NILES, Ill. (CBS) -- A former Niles police commander said he blew this whistle on police misconduct and it ended up costing him his career, but the Niles police chief claims the commander caused his own demise.
Now, former Niles police Cmdr. Nick Beyer is taking the department to court. This is the result of a story that CBS 2 Political Investigator Dana Kozlov reported back in April, since which Beyer was demoted and ultimately resigned after the department turned the tables on him.
Beyer spoke with Kozlov on Thursday about why he decided to file that whistleblower lawsuit and keep fighting.
A 911 call back on Feb. 28 first triggered misconduct alarms with former Cmdr. Beyer. Officers showed up to a local McDonald's to find a part-time Niles village employee passed out in the front seat of his car at the drive-through.
Police body cam video obtained by the CBS 2 Investigators shows the man clearly slumped in his car. But instead of waiting for a report, calling an ambulance, or making an arrest, Beyer said Niles officers drove the man home – 40 miles away.
"The fact that there was never a report taken on that to begin with is a smoking gun. The fact that the officer manually shut off the body cameras is a smoking gun," Beyer said.
Beyer said he learned about the incident from a fellow officer. He later brought his concerns to higher-ups, but refused to give supervisors the officer's name.
That was when the 22-year department veteran was put on leave for insubordination. He was demoted two months later, and then resigned after the department suddenly dug up dozens of misconduct concerns about him.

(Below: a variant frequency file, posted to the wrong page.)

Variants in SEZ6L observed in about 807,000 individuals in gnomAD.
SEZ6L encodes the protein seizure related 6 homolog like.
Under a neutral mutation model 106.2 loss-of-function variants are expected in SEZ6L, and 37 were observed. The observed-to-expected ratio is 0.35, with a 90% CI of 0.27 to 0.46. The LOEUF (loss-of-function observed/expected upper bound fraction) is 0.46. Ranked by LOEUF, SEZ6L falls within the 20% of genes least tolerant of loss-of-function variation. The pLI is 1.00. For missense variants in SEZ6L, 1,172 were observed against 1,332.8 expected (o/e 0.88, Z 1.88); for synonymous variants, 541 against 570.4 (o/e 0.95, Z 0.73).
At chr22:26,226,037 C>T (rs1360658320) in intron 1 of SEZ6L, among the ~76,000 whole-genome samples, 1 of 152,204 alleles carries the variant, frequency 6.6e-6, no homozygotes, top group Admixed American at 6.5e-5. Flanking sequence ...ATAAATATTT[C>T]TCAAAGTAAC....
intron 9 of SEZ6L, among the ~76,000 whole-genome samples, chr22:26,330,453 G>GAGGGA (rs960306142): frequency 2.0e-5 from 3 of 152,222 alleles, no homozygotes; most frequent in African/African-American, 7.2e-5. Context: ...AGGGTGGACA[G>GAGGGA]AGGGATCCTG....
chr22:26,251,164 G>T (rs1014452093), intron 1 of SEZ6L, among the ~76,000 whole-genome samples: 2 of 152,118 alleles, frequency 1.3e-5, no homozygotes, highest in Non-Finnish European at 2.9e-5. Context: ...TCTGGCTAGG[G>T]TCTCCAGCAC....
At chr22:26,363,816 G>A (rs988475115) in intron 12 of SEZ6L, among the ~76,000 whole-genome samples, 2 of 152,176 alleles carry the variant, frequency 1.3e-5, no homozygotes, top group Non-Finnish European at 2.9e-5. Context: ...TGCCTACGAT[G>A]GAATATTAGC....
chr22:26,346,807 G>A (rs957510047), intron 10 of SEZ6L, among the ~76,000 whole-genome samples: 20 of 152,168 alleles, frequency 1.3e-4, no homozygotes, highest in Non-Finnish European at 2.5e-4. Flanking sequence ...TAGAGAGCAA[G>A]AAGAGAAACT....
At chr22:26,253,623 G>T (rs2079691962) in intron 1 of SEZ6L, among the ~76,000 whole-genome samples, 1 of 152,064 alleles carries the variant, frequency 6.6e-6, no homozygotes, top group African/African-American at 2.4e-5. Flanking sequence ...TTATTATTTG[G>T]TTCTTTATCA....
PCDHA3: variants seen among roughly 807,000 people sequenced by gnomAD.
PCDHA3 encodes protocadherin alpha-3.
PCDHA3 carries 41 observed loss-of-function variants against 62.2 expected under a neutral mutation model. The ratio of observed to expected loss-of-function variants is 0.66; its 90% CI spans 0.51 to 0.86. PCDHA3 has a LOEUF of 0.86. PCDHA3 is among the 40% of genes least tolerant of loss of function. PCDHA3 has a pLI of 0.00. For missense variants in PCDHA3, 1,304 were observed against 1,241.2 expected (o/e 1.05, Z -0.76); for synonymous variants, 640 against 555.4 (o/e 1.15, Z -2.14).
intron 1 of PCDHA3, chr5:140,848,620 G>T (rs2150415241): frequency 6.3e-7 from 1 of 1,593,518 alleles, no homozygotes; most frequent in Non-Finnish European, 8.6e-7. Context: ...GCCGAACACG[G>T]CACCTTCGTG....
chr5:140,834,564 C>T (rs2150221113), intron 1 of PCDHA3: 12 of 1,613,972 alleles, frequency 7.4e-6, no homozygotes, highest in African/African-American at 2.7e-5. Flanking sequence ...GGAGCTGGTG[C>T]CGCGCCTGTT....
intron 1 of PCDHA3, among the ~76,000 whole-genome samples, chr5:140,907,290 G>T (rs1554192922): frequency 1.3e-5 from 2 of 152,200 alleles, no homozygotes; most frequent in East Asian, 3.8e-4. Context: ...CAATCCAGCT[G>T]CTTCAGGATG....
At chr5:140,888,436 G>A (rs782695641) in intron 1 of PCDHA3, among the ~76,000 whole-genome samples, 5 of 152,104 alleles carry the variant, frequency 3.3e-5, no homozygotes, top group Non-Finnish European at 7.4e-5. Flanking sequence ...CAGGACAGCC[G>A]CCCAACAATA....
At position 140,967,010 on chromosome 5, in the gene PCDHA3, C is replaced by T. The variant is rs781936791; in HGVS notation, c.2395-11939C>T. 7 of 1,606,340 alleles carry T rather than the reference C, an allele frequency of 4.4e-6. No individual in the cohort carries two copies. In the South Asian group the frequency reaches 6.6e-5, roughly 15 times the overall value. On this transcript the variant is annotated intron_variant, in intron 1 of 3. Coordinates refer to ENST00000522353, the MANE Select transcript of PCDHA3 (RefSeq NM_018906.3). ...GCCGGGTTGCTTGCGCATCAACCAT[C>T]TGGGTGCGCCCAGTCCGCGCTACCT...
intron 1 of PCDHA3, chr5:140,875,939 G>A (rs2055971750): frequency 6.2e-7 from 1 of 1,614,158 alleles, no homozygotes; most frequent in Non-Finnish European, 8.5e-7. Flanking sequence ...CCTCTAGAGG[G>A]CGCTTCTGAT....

"I think that they huddled in their war room for weeks on end with attorneys to figure out whatever they could do to fire back at me," Beyer said.
In July, Niles police Chief Luis Tigera said, "We conducted a thorough, exhaustive, and unbiased investigation," as he cleared the officers involved in the February call.
"The evidence revealed no merit to the assertion that there was an effort by the NPD officers to cover the incident," Tigera said.
But Beyer is not backing away from his misconduct and cover-up claims. He questions the integrity of the village's investigations, saying investigators never even talked to him.
All his concerns are now laid out in a federal whistleblower lawsuit – charging, among other things, retaliation.
"I am continuing the fight, just in an objective forum," Beyer said.
On Thursday afternoon, a Niles village spokesperson said the village is declining to comment on the lawsuit at this time.
Meanwhile, another investigation is also under way into the matter. In April, Beyer filed a complaint with the Cook County State's Attorney's Law Enforcement Accountability Unit, and a spokesperson there said it is still being reviewed.
Beyer in the meantime is challenging Niles to release all the police body cam video from that night to the public.
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